He was anything but a saint. He gambled, chased women and spent many late nights drinking with teammates and friends. But when George Herman Ruth, better known to his legions of fans as “Babe,” stepped out onto a baseball field, magic happened. And in a pregame ceremony on Aug. 16, 40 years after Ruth’s tragic death from throat cancer, fans in New York City—where Ruth played from 1920 to 1934 as a Yankee—paid tribute in Yankee Stadium to the man many people still regard as the greatest player in the history of the game. “Baseball dictionaries dryly refer to him as the game’s ‘greatest offensive player,’ ” commented Jim Kaplan in The New York Times. “Yes, and the Pacific Ocean is a nice body of water. Ruth not only rewrote the record books, but the definitions.”
Four decades after Ruth’s death at 53, his legend lives on. Each year, a steady stream of people still visit his grave at the Gate of Heaven cemetery in Valhalla, N.Y., about 50 km north of New York City. Cemetery superintendent James Ford said that many visitors leave flowers, Yankee caps and baseballs behind in tribute. The reason for that adulation is clear: over his 22 seasons in the major leagues, Ruth hit a total of 714 home runs and batted in 2,211 runs. Those records stood until the 1970s, when Henry (Hank) Aaron finally broke them. Aaron finished his 23-year career in 1976 with 755 home runs—only 41 ahead of Ruth—having been at bat almost 4,000 times more than the Sultan of Swat, another of Ruth’s nicknames.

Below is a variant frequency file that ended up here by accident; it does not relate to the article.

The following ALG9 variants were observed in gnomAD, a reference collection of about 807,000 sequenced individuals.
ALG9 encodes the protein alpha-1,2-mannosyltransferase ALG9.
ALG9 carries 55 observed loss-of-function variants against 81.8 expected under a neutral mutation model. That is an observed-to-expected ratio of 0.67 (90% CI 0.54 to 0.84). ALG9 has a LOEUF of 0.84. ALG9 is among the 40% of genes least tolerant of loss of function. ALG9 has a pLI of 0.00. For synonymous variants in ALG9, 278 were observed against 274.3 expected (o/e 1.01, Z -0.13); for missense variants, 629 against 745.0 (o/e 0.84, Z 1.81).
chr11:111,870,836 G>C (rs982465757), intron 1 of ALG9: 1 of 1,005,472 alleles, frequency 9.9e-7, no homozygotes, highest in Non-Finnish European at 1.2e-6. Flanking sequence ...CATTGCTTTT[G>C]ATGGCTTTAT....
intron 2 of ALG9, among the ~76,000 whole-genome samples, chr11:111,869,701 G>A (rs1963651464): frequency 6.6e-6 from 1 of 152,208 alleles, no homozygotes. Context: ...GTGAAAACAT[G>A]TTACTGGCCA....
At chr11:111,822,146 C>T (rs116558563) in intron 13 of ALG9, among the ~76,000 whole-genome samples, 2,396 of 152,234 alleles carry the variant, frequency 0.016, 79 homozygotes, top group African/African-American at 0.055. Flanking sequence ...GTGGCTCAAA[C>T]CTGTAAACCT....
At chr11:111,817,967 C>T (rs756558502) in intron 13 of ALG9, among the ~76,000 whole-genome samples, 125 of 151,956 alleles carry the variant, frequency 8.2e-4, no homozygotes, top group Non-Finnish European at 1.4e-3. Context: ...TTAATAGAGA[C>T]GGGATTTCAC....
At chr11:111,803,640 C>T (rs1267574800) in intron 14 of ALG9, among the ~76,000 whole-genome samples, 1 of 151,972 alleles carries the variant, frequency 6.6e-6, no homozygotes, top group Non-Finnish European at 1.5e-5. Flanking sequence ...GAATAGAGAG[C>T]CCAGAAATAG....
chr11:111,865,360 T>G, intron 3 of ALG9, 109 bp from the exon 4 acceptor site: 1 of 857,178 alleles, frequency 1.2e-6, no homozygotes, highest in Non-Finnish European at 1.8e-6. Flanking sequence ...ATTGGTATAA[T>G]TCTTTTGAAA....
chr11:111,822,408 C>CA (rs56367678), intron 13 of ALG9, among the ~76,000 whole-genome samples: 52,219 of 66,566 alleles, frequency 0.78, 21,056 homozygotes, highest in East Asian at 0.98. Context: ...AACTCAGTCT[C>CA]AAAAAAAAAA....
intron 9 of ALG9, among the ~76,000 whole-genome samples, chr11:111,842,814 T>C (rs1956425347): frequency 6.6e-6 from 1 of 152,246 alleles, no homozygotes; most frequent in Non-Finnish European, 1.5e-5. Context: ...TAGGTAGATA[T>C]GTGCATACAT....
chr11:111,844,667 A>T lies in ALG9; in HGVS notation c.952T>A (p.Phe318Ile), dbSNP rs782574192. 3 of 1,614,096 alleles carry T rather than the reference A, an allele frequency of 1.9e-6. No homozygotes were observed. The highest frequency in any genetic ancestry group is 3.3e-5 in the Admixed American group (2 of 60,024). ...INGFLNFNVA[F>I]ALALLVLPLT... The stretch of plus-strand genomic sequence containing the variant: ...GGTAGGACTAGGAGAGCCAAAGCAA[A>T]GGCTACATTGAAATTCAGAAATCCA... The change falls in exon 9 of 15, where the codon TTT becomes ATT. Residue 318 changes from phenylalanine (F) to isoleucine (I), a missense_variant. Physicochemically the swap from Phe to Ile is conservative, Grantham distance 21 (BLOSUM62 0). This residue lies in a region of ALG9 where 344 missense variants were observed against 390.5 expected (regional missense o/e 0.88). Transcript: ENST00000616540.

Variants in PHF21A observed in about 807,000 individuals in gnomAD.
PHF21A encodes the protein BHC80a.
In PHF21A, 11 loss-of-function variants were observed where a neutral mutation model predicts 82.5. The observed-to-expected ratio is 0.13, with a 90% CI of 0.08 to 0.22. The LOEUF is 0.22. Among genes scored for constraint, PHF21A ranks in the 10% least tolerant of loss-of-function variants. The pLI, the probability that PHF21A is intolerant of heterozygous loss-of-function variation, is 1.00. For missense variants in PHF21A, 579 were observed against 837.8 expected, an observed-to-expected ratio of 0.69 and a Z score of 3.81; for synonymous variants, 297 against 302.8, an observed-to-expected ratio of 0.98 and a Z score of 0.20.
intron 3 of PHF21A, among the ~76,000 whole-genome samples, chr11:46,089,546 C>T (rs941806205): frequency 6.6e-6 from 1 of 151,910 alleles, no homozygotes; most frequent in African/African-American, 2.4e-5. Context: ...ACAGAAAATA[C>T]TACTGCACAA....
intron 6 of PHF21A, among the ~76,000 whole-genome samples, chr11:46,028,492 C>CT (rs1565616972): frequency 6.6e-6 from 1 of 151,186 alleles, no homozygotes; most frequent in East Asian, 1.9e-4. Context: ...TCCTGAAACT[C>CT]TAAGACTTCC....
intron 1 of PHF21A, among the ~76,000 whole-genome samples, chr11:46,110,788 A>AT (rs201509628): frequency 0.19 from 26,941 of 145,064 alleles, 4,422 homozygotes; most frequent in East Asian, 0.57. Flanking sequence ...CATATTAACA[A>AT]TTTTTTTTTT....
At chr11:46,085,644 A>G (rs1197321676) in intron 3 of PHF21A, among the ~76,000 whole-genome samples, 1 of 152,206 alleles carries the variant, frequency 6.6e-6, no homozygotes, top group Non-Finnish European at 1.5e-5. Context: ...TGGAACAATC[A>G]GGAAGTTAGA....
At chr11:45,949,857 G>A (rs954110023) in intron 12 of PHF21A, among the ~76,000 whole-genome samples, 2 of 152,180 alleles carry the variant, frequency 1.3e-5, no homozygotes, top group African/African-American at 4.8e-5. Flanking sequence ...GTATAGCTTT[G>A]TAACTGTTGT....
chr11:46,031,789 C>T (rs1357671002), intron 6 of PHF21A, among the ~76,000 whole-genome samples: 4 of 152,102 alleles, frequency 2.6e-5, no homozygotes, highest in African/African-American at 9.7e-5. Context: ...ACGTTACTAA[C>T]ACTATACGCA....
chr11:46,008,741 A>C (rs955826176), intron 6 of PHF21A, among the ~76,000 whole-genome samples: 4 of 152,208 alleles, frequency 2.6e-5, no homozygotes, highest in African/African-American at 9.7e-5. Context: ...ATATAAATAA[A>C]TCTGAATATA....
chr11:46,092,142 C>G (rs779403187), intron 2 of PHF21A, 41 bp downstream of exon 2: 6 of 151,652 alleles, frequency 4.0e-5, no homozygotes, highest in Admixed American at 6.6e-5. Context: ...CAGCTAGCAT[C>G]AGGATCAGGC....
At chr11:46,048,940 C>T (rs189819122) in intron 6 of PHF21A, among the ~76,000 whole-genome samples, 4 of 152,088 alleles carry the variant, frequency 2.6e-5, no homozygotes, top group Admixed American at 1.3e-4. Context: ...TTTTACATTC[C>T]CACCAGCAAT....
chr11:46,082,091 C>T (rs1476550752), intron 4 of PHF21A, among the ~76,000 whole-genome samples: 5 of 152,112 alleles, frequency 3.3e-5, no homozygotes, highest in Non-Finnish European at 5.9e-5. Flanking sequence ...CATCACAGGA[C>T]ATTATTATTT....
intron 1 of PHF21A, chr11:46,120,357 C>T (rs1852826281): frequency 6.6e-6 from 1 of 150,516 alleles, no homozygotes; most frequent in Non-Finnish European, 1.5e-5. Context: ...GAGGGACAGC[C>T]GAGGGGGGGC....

Even Canada lays some claim to the Babe Ruth legend. Michael Johngren, a research associate at the Baseball Hall of Fame in Cooperstown, N.Y., said that Ruth batted his first homer as a professional in Fayetteville, N.C., on March 7, 1914, when he had just started with the Baltimore Orioles, then a minor-league team. But that home run occured during a spring training game between opposing squads of the Orioles. In fact, Ruth batted his first home run in an official game on Sept. 5, 1914—when he was playing with the minor-league Providence Grays—at the Hanlan’s Point ball park in Toronto.
In 1935, Ruth, by then released by the Yankees and playing with the Boston Braves, finally retired from the game at the age of 40. Over the preceding years his output had waned. But even in decline he showed flashes of greatness. Only days before his retire-
ment and by some accounts suffering from another late night in the bars, he hit three home runs in a game against the Pittsburgh Pirates.
On April 27, 1947, stricken with throat cancer, Ruth appeared before a crowd of almost 60,000 people in Yankee Stadium—known to many as “The
House that Ruth Built”—for Babe Ruth
Day. There, he spoke warmly of the game that he had helped to immortalize and that had immortalized him. “The only real game in the world, I think, is baseball,” he told the crowd in a hoarse and barely audible voice. “You’ve got to let it grow up with you, and if you’re successful, and you try hard enough, you’re bound to come out on top.” Sixteen months later, he was dead—but even now, his legend continues to grow.
PEETER KOPVILLEM with LARRY BLACK in New York City
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